Bind-n-Fly ™ (BNF) is a radio control system distributed by Horizon Hobbies which allows one transmitter to control an unlimited number of different models. The "RTF" or Ready-To-Fly models used the same technology, but include a basic BNF compatible transmitter.
The Spektrum transmitters come in several different models which include progressively more channels and model memories to store the trim settings. The DX6i transmitter which I own has 6 channels (one more than is needed for flying the Blade models) and 10 model memories. The DX7 has 7 channels and 20 model memories and a few more control menu options. The Newest addition the DX8 has 8 channels and utilizes SD card storage which allows unlimited model settings to be stored
The Binding Process
Each transmitter has a unique identifier code called the GUID. Before a model is flown for the first time it must be paired or "bound" to that unique transmitter ID code. The binding procedure stores the GUID in non-volatile memory in the receiver in the model which allows it to find its paired transmitter every time it's battery is connected. The command sequences between transmitter and receiver are identified by the GUID which allows up to 32 different people to fly their models simultaneously without interference.
The binding procedure varies, depending on the type of receiver. For the small Blade models equipped with 5-in-1 boards (receiver, esc, servos, mixing, gyro) the transmitter is turned off while the model is powered-up. The indicator on the 5-in-1 board will blink one, go out, then after a few seconds start pulsing rapidly which indicates the model is unbound and looking for a transmitter to mate with. At that point the bind button or switch on the transmitter is held while it is powered-up, then released. When transmitter and receiver establish contact the indicator on the 5-in-1 will go out, then come back on solid a few seconds later. The procedure for larger Spektrum receiver units varies slightly. They require insertion of a "binding plug" on the receiver to perform the pairing. Other than that the procedure is similar: receiver powered on first, then the transmitter with the "bind" switch held.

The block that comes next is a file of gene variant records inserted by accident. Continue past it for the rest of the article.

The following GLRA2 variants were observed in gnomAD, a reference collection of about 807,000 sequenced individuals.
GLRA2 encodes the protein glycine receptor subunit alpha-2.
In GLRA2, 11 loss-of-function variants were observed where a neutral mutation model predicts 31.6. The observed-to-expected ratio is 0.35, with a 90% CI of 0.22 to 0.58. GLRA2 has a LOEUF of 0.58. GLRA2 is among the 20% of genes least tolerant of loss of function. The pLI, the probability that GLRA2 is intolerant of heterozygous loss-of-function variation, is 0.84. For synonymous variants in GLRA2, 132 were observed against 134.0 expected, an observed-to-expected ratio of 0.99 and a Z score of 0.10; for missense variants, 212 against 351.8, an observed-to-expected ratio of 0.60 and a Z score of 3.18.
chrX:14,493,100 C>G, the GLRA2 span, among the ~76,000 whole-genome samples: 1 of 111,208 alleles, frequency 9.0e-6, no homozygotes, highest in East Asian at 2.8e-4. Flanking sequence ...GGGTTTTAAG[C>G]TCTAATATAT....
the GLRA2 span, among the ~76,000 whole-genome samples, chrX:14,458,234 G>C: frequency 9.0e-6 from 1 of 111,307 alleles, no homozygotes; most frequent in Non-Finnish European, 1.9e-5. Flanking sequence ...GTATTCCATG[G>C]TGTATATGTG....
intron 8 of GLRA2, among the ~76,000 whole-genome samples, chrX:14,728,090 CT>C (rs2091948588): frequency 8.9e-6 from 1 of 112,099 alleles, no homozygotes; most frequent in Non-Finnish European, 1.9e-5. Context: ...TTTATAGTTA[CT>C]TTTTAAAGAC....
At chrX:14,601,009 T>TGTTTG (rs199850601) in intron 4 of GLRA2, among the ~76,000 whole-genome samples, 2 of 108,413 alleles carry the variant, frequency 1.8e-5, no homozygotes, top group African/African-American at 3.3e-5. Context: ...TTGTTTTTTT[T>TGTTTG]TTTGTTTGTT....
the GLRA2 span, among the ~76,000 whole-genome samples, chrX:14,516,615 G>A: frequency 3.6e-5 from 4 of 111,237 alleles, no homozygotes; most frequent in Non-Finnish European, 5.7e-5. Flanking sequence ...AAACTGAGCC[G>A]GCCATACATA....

Once bound together before the first flight with the GUID of the transmitter stored in the memory of the receiver the model will recognize its paired transmitter when it powered on. Because the receiver must find the transmitter it is important to remember to always turn on the transmitter first before powering up the model, and unplug the model before turning off
How the Transmitter Works
With radio systems the design of the antennas for transmitter and receiver is dictated by the wavelength of the signal, with the physical dimension antennas needing to be some fraction of the wavelength. The closer the antennas are to the full wavelength the more efficient they are. The Spektrum system uses the same 2.4Ghz frequency band used by cordless phones and other wireless devices. The wavelength of the 2.4Gz signal is only about 3.9 inches which is what helped make the small micro helicopters possible. The antenna on the 120SR is a full-wavelength monopole (3.9 inches long) antenna and the mSR has a shorter 1/2 wavelength monopole. The antenna in the transmitter is a full-wave monopole. The short wavelength and full and 1/2 wave antennas make the 2.4Gz system very efficient and improve its range.